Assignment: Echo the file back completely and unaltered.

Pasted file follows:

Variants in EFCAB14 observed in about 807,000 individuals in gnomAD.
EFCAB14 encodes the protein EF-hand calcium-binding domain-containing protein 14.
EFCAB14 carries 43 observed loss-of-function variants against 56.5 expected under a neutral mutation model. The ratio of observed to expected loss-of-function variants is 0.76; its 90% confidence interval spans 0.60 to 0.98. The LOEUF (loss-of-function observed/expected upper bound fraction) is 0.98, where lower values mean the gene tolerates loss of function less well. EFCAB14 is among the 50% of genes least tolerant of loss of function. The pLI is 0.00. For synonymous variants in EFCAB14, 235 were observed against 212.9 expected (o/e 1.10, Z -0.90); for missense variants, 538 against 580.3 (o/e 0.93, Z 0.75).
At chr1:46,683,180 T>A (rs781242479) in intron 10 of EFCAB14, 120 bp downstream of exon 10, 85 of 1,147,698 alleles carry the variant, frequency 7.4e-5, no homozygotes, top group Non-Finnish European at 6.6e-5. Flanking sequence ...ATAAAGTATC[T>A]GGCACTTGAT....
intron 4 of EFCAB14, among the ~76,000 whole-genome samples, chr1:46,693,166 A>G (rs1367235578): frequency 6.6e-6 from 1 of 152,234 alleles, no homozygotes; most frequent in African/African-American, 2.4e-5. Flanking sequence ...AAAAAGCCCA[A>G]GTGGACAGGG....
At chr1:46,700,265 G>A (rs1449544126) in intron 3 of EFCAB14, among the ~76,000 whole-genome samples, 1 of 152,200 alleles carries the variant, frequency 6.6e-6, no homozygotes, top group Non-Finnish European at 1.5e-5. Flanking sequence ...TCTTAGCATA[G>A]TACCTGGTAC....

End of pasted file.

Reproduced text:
Variants in EFCAB14 observed in about 807,000 individuals in gnomAD.
EFCAB14 encodes the protein EF-hand calcium-binding domain-containing protein 14.
EFCAB14 carries 43 observed loss-of-function variants against 56.5 expected under a neutral mutation model. The ratio of observed to expected loss-of-function variants is 0.76; its 90% confidence interval spans 0.60 to 0.98. The LOEUF (loss-of-function observed/expected upper bound fraction) is 0.98, where lower values mean the gene tolerates loss of function less well. EFCAB14 is among the 50% of genes least tolerant of loss of function. The pLI is 0.00. For synonymous variants in EFCAB14, 235 were observed against 212.9 expected (o/e 1.10, Z -0.90); for missense variants, 538 against 580.3 (o/e 0.93, Z 0.75).
At chr1:46,683,180 T>A (rs781242479) in intron 10 of EFCAB14, 120 bp downstream of exon 10, 85 of 1,147,698 alleles carry the variant, frequency 7.4e-5, no homozygotes, top group Non-Finnish European at 6.6e-5. Flanking sequence ...ATAAAGTATC[T>A]GGCACTTGAT....
intron 4 of EFCAB14, among the ~76,000 whole-genome samples, chr1:46,693,166 A>G (rs1367235578): frequency 6.6e-6 from 1 of 152,234 alleles, no homozygotes; most frequent in African/African-American, 2.4e-5. Flanking sequence ...AAAAAGCCCA[A>G]GTGGACAGGG....
At chr1:46,700,265 G>A (rs1449544126) in intron 3 of EFCAB14, among the ~76,000 whole-genome samples, 1 of 152,200 alleles carries the variant, frequency 6.6e-6, no homozygotes, top group Non-Finnish European at 1.5e-5. Flanking sequence ...TCTTAGCATA[G>A]TACCTGGTAC....